Nvidia’s $40 Billion Arm Deals Faces FTC Roadblock

By Benzinga
Benzinga
Benzinga
December 4, 2021 Updated: December 4, 2021

The Federal Trade Commission has sued to block U.S. chip supplier Nvidia Corp.’s $40 billion acquisition of the SoftBank Group Corp.-backed UK chip design provider Arm.

FTC Bureau of Competition Director Holly Vedova said the proposed vertical deal could offer the influential chipmaker control over the computing technology and designs relied on by the rivals for innovative next-generation technologies, including those used to run data centers and driver-assistance systems in cars.

The proposed deal would distort Arm’s chip market incentives and undermine Nvidia’s rivals.

All major chipmakers are Arm customers, and the companies, including Qualcomm Inc., Intel Corp., and Advanced Micro Devices Inc., sell chips that compete directly with products from Nvidia, Bloomberg reports.

Apple Inc. and Amazon.com Inc. also utilize Arm technology for smartphones. The EU and the UK are already probing the deal.

Analyst Opinions

Citi analyst Atif Malik lowered his deal probability to 5 percent from 30 percent after the FTC move.

Malik sees a potential path forward if Nvidia can present remedies that, among other options, might include creating a “Chinese Wall” between the R&D engine and Arm business contracts to ease the antitrust regulatory concerns. He keeps a Buy rating on Nvidia shares with a $350 price target (8.9 percent upside).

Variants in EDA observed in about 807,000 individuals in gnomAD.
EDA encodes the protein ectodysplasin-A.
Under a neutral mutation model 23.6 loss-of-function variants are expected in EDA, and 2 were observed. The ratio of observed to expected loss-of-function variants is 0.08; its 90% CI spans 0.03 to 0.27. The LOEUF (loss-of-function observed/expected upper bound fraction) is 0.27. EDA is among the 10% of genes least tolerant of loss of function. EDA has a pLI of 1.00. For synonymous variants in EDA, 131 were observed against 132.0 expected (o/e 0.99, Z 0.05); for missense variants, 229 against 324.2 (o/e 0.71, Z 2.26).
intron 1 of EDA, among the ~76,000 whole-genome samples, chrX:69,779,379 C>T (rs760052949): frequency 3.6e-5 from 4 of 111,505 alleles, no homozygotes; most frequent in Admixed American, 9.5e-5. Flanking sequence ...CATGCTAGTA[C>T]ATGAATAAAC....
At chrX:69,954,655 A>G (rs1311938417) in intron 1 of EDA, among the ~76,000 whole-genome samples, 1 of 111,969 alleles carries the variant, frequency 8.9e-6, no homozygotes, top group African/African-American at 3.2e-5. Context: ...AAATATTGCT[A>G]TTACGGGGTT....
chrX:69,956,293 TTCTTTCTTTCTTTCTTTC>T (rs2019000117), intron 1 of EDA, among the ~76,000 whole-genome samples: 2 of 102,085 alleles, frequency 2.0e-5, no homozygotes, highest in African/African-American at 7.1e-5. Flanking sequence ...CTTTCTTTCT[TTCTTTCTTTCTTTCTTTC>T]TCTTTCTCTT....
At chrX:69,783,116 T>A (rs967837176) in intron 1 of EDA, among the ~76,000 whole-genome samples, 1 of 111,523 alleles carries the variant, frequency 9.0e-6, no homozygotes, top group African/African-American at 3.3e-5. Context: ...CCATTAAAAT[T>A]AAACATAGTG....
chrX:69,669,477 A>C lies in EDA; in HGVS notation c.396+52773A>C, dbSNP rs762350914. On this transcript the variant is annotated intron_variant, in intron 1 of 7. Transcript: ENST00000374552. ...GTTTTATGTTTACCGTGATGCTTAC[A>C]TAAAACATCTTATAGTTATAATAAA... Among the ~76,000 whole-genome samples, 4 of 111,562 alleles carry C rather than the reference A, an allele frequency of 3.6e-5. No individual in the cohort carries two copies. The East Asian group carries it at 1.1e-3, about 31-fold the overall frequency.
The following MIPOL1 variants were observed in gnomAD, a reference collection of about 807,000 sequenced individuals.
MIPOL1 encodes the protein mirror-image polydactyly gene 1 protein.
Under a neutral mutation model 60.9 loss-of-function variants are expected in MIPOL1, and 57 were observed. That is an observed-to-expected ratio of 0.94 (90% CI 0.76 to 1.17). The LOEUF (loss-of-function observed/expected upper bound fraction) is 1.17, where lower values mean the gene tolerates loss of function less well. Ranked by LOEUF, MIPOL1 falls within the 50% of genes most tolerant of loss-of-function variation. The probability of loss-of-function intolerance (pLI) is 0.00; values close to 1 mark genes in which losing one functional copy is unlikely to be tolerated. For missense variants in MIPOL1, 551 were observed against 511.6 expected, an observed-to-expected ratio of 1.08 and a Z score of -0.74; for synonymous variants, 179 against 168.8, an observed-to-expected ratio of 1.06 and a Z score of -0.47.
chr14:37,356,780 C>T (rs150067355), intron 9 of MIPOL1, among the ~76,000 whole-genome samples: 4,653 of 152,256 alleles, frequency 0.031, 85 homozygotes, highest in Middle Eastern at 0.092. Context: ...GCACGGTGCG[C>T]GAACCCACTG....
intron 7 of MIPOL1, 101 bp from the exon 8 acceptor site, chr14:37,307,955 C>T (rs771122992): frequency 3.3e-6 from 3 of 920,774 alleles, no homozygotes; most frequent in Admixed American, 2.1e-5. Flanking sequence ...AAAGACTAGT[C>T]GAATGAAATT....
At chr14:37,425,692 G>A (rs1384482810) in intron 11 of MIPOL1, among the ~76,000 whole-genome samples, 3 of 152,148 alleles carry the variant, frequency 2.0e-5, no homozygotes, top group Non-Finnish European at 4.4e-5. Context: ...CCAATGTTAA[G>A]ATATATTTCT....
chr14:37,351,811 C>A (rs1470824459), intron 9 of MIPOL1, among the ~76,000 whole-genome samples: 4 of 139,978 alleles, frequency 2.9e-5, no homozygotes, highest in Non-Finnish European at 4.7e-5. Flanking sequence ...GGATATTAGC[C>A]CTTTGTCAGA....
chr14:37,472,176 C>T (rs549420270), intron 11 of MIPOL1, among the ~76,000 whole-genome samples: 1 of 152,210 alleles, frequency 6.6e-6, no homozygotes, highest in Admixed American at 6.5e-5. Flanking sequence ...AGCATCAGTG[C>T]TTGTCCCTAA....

“We have said for some time that it is unlikely this deal gets approved,” said Matt Bryson, an analyst at Wedbush Securities. “We also believe the investment community is largely of the same opinion.”

Nvidia, which made its name in graphics processors for video games, now sells chips for everything from artificial intelligence to cryptocurrency mining. “This combo just would have been too much,” said Chris Rolland, an analyst at Susquehanna Investment Group.

Price Action

Nvidia shares closed lower by 4.46 percent at $306.93 on Friday.

By Anusuya Lahiri

© 2021 The Epoch Times. The Epoch Times does not provide investment advice. All rights reserved.

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